Aesthetic Realism explains too that every human-made cruelty in history—including racism, economic exploitation, and war—has come from contempt: from the feeling we’ll be more through making less of what’s different from us. For humanity to stop being mean, and also for individual men and women to like ourselves and feel animatedly at ease in our lives, we have to want to criticize contempt in ourselves.

An Earthquake & Our Two Desires

Whether we know it or not, we are using whatever we meet to fortify either our desire to care for reality or our desire to despise it. What does it mean to use an earthquake in behalf of respect for the world, which definitely includes respect for people, rather than contempt? This is an urgent question.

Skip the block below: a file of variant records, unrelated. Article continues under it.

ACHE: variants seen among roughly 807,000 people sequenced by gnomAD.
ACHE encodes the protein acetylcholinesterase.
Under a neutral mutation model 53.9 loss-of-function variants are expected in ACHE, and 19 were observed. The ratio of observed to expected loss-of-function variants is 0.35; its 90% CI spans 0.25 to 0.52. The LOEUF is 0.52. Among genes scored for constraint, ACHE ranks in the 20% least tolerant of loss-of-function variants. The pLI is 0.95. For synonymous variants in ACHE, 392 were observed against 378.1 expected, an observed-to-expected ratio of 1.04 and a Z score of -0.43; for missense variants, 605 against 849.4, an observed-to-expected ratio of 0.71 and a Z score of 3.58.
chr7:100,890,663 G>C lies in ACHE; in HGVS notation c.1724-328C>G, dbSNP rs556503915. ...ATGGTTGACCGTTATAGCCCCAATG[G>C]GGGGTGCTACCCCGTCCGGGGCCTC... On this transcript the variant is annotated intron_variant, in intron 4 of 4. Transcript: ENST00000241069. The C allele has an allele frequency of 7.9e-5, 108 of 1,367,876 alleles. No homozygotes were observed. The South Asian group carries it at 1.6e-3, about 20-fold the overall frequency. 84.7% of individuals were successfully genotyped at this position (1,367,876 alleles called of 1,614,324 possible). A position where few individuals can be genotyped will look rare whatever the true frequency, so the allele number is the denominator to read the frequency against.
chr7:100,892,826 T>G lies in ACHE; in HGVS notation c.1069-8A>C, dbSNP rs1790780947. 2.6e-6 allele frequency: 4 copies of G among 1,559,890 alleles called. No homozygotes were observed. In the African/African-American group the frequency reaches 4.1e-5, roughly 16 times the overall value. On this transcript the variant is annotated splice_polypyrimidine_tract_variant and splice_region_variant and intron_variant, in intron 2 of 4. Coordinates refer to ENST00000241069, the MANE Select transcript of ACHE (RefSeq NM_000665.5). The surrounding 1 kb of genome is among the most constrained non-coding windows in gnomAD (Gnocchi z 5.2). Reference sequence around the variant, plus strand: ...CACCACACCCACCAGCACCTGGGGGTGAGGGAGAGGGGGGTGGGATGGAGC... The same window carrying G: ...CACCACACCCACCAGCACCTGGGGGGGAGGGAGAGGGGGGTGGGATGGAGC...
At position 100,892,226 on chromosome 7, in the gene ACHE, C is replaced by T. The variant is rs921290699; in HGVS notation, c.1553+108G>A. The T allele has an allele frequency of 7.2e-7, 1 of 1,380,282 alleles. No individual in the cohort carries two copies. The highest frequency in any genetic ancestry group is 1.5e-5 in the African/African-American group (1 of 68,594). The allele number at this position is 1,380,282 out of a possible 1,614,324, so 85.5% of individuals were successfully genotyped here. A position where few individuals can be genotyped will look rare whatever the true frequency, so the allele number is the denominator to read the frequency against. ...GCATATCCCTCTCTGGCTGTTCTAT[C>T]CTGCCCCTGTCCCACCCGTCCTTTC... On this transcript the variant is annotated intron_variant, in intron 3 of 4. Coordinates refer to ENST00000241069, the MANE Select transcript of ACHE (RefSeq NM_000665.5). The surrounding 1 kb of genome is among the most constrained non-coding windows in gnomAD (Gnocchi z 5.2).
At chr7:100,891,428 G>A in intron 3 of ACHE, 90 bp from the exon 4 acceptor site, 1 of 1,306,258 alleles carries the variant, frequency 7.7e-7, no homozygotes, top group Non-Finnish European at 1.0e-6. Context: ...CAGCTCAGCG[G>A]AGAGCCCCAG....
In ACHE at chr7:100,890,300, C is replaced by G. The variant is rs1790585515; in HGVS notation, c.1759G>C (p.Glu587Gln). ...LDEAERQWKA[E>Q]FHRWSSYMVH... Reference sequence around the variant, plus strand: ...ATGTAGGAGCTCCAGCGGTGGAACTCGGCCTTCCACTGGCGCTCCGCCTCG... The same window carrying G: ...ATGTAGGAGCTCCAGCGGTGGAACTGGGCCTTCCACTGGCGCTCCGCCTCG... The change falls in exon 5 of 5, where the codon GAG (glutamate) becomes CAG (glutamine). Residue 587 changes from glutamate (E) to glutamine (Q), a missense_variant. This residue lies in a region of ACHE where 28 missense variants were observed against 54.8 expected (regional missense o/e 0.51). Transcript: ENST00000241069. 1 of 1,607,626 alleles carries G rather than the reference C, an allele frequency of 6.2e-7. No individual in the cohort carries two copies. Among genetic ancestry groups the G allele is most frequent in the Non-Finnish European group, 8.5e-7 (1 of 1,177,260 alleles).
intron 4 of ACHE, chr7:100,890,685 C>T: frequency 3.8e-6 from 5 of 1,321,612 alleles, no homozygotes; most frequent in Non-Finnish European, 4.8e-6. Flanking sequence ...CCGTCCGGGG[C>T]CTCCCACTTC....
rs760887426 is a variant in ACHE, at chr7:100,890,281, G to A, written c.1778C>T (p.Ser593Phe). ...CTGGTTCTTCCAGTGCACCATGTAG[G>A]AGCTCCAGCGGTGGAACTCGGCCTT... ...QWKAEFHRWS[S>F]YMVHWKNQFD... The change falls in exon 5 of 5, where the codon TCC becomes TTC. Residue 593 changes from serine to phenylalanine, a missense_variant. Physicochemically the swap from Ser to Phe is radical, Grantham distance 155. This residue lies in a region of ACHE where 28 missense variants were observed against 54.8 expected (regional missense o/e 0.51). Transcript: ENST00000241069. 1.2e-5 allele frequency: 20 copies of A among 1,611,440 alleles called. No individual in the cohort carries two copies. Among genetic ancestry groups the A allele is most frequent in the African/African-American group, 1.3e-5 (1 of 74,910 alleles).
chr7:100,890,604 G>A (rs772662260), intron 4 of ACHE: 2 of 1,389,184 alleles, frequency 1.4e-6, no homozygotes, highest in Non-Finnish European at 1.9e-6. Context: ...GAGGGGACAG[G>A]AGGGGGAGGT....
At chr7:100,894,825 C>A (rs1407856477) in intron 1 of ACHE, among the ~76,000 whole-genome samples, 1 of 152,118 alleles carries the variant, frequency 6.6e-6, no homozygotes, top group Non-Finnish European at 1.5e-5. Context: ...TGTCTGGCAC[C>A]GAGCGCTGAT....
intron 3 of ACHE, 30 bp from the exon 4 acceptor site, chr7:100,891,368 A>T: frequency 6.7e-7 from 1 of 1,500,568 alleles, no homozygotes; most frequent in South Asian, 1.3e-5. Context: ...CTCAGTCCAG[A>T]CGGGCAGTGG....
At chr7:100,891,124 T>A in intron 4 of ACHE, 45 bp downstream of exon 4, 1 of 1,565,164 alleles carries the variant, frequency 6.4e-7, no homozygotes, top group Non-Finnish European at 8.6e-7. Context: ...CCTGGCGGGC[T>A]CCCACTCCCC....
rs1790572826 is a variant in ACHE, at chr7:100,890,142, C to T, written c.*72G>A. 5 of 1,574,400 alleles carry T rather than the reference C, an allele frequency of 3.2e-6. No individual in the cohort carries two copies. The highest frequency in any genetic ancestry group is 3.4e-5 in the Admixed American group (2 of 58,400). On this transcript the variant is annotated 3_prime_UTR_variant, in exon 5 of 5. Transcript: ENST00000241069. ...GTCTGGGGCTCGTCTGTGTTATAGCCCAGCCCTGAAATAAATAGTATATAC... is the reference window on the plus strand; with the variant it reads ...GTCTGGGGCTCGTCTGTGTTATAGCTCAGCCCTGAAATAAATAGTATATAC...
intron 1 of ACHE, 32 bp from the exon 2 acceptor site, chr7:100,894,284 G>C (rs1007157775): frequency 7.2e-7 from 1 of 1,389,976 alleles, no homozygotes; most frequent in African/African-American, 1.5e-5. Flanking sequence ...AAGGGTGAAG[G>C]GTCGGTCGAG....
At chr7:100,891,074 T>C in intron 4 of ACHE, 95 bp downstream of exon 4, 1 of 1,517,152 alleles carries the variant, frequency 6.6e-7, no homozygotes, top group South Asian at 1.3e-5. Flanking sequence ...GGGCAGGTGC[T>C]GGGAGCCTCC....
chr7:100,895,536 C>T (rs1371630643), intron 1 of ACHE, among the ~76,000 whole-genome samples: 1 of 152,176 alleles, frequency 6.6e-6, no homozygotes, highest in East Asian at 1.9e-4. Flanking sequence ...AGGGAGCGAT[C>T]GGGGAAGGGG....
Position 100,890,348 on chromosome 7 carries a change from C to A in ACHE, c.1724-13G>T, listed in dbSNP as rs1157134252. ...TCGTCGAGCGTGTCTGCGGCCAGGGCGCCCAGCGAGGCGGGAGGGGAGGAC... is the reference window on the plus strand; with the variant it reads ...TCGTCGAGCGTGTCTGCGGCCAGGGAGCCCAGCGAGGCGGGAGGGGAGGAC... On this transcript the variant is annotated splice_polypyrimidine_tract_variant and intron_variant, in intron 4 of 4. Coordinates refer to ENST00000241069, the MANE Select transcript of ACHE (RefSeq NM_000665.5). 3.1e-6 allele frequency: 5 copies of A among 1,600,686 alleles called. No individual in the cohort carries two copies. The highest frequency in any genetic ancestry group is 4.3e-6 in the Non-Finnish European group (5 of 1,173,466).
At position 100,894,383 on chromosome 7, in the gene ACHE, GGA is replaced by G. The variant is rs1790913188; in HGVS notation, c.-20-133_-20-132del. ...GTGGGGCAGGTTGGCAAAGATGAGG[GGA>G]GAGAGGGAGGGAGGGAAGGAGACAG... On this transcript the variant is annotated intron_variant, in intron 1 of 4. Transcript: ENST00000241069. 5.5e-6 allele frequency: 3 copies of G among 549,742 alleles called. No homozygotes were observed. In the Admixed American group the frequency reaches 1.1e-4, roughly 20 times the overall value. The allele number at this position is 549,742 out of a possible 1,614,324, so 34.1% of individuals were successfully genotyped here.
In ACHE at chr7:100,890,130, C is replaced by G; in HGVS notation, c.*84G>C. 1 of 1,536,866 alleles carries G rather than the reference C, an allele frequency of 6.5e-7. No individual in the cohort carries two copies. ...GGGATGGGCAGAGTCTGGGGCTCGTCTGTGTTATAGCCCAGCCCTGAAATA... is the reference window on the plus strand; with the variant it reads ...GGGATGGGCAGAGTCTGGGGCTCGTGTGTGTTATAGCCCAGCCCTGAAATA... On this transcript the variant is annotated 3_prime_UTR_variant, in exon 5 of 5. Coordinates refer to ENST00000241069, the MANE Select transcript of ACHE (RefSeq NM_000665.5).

I remember a class in which Mr. Siegel spoke about the 1755 Lisbon earthquake. He quoted, and was very critical of, certain commentators of the time who advised smoothly that the disaster was somehow in God’s plan and we must have faith that it was justified. He also quoted Voltaire, who is saying with tremendous anger: I cannot see this earthquake, with its deaths and its screaming, bleeding children, as in any way justifiable and I refuse to bow my head about it and stop questioning! And Mr. Siegel said that Voltaire was more sincere. It’s much more respectful and deeply more reverent to say with honesty, intensity, and a real desire to know, “I don’t see how a world, a universe, a creator can be liked for permitting this”—than to “accept” in some glib way.